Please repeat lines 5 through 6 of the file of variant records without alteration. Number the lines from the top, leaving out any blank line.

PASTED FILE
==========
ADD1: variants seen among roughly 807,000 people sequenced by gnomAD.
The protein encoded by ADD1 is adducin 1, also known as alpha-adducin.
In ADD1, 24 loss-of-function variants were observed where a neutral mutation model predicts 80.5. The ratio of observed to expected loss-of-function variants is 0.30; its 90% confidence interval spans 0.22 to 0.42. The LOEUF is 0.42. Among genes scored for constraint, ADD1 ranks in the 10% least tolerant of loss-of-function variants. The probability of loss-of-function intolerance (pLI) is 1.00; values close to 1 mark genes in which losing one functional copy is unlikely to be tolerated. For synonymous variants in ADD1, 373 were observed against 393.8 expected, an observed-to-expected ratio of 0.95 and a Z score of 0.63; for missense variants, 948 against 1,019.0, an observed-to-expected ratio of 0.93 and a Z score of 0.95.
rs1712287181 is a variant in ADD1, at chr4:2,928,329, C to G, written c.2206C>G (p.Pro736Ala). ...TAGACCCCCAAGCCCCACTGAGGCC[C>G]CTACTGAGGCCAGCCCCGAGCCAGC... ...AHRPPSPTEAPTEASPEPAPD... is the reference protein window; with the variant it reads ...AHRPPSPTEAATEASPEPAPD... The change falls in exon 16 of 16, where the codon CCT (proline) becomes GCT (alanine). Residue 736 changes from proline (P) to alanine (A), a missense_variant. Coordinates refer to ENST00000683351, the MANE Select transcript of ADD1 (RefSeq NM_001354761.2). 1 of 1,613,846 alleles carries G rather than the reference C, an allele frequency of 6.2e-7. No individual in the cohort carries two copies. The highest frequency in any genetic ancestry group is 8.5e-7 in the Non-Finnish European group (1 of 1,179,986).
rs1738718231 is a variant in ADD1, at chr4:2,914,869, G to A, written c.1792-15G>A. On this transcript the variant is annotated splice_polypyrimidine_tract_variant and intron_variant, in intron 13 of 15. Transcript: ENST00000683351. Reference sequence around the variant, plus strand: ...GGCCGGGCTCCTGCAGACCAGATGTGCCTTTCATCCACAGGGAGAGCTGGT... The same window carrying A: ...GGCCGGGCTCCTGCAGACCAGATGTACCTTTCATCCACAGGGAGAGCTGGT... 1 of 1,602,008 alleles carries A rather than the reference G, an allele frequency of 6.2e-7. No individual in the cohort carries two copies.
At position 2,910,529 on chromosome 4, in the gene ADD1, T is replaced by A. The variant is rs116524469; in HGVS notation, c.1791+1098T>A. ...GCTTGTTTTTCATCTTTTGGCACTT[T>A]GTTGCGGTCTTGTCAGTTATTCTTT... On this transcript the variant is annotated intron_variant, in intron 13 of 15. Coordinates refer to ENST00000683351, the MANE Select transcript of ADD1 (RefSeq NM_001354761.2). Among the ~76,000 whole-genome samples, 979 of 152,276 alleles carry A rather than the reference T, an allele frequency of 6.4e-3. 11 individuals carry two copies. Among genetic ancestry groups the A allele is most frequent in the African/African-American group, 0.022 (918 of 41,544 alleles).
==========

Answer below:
rs1738718231 is a variant in ADD1, at chr4:2,914,869, G to A, written c.1792-15G>A. On this transcript the variant is annotated splice_polypyrimidine_tract_variant and intron_variant, in intron 13 of 15. Transcript: ENST00000683351. Reference sequence around the variant, plus strand: ...GGCCGGGCTCCTGCAGACCAGATGTGCCTTTCATCCACAGGGAGAGCTGGT... The same window carrying A: ...GGCCGGGCTCCTGCAGACCAGATGTACCTTTCATCCACAGGGAGAGCTGGT... 1 of 1,602,008 alleles carries A rather than the reference G, an allele frequency of 6.2e-7. No individual in the cohort carries two copies.
At position 2,910,529 on chromosome 4, in the gene ADD1, T is replaced by A. The variant is rs116524469; in HGVS notation, c.1791+1098T>A. ...GCTTGTTTTTCATCTTTTGGCACTT[T>A]GTTGCGGTCTTGTCAGTTATTCTTT... On this transcript the variant is annotated intron_variant, in intron 13 of 15. Coordinates refer to ENST00000683351, the MANE Select transcript of ADD1 (RefSeq NM_001354761.2). Among the ~76,000 whole-genome samples, 979 of 152,276 alleles carry A rather than the reference T, an allele frequency of 6.4e-3. 11 individuals carry two copies. Among genetic ancestry groups the A allele is most frequent in the African/African-American group, 0.022 (918 of 41,544 alleles).